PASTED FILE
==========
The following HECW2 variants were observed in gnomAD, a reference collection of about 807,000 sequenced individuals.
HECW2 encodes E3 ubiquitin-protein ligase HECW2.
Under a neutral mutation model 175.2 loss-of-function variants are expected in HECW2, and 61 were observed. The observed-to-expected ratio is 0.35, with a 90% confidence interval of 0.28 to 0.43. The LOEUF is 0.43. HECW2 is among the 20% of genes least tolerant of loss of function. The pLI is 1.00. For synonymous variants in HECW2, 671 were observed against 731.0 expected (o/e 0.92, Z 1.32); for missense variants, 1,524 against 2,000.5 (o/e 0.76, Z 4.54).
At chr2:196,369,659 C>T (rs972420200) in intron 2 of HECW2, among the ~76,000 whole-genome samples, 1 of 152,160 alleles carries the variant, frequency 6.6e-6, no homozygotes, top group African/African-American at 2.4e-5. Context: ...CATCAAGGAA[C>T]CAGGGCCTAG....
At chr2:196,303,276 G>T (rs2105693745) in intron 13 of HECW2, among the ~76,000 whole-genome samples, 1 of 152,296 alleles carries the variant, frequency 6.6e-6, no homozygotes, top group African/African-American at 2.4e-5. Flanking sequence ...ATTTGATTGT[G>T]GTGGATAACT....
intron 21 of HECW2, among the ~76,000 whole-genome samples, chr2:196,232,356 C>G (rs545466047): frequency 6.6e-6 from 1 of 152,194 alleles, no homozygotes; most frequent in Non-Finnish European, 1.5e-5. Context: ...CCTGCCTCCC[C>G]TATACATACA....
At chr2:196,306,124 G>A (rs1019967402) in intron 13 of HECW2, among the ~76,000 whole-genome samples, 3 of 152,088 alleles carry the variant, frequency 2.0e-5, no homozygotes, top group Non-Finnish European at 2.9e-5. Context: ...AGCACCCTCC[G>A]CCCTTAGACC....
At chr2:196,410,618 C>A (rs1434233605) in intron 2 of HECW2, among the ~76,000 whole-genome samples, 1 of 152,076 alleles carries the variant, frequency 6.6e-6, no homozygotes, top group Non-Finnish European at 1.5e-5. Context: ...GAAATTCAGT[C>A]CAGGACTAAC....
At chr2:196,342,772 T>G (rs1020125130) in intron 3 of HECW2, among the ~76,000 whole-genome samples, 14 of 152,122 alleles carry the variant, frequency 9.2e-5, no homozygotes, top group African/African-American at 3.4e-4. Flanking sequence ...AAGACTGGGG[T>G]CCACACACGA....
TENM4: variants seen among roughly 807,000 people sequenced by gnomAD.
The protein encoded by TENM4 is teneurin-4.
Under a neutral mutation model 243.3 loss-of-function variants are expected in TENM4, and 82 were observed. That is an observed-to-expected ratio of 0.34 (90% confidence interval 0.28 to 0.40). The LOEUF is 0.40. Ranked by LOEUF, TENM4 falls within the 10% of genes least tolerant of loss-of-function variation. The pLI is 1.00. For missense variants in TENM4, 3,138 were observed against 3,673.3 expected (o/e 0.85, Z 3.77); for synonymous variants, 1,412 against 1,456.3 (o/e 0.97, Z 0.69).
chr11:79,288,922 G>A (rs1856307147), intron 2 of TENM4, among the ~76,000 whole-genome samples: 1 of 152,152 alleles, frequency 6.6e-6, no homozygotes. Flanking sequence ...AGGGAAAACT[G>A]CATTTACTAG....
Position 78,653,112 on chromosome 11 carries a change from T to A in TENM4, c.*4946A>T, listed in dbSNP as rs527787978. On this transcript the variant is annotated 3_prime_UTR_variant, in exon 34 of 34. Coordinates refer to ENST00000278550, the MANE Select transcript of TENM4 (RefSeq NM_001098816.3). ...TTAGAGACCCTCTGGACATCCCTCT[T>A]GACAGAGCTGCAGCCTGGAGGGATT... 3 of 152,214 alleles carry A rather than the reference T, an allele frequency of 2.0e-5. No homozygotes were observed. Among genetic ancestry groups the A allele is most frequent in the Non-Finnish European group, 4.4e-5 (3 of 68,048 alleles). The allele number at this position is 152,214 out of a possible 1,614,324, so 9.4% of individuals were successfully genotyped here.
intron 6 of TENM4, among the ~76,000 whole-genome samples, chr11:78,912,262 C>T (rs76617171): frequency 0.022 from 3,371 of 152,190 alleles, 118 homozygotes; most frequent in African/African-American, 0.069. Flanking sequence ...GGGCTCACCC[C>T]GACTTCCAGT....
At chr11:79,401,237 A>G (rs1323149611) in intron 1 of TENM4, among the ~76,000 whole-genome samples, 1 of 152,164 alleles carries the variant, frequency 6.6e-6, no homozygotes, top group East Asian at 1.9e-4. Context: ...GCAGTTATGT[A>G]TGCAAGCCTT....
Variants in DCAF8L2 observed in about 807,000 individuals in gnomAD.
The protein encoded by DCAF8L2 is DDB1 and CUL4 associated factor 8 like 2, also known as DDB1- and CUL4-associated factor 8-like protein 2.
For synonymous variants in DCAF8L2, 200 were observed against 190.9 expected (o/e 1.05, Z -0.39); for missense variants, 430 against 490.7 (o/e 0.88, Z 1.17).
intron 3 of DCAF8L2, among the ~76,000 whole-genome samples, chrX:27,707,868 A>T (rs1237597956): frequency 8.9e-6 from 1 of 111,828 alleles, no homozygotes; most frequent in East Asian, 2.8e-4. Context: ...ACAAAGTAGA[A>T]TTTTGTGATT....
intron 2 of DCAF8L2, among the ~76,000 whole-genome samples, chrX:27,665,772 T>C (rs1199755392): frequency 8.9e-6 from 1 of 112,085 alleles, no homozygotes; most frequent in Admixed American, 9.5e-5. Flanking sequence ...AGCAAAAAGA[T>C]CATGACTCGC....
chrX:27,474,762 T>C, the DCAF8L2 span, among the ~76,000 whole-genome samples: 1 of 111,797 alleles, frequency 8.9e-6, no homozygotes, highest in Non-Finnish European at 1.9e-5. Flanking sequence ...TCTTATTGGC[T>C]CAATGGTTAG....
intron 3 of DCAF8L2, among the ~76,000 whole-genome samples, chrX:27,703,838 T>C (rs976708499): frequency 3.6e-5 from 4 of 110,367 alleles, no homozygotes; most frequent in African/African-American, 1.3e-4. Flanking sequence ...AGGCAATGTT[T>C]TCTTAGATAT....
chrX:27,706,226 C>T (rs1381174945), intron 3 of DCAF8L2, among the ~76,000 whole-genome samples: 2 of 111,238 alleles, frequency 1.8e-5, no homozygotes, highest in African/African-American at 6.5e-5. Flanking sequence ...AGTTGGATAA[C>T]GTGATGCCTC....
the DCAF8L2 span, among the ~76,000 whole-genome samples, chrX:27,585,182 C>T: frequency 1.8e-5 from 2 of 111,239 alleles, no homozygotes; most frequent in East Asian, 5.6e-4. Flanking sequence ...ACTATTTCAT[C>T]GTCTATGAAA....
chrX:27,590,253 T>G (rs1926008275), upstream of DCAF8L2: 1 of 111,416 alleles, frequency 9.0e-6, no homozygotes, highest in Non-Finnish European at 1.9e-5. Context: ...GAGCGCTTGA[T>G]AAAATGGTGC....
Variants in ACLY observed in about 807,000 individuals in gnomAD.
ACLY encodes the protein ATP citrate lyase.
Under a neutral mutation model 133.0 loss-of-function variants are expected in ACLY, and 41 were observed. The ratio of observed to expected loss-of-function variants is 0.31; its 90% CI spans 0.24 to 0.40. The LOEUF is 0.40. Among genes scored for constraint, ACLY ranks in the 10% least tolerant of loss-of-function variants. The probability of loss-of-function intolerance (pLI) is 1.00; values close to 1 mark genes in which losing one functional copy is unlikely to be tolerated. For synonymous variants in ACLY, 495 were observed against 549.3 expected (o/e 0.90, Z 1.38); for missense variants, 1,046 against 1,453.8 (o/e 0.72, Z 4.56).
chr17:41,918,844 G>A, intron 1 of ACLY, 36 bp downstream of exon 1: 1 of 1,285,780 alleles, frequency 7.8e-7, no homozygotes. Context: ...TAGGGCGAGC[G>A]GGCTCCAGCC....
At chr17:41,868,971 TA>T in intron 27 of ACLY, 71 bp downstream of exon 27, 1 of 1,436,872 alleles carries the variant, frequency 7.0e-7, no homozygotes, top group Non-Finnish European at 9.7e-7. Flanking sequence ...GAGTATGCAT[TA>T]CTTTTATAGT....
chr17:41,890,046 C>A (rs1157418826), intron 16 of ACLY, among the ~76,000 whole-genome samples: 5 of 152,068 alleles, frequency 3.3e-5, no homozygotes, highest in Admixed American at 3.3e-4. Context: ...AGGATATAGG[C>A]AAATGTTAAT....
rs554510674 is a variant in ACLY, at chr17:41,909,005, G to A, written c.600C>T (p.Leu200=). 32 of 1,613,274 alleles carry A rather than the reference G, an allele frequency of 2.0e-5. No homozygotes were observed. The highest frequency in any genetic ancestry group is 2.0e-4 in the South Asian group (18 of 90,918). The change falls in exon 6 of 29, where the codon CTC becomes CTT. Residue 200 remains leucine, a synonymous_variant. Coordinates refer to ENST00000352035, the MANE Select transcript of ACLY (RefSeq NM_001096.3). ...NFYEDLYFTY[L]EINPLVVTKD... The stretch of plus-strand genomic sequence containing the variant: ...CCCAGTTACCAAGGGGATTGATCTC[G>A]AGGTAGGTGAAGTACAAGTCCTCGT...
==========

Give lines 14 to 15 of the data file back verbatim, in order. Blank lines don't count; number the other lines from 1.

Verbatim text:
Position 78,653,112 on chromosome 11 carries a change from T to A in TENM4, c.*4946A>T, listed in dbSNP as rs527787978. On this transcript the variant is annotated 3_prime_UTR_variant, in exon 34 of 34. Coordinates refer to ENST00000278550, the MANE Select transcript of TENM4 (RefSeq NM_001098816.3). ...TTAGAGACCCTCTGGACATCCCTCT[T>A]GACAGAGCTGCAGCCTGGAGGGATT... 3 of 152,214 alleles carry A rather than the reference T, an allele frequency of 2.0e-5. No homozygotes were observed. Among genetic ancestry groups the A allele is most frequent in the Non-Finnish European group, 4.4e-5 (3 of 68,048 alleles). The allele number at this position is 152,214 out of a possible 1,614,324, so 9.4% of individuals were successfully genotyped here.
intron 6 of TENM4, among the ~76,000 whole-genome samples, chr11:78,912,262 C>T (rs76617171): frequency 0.022 from 3,371 of 152,190 alleles, 118 homozygotes; most frequent in African/African-American, 0.069. Flanking sequence ...GGGCTCACCC[C>T]GACTTCCAGT....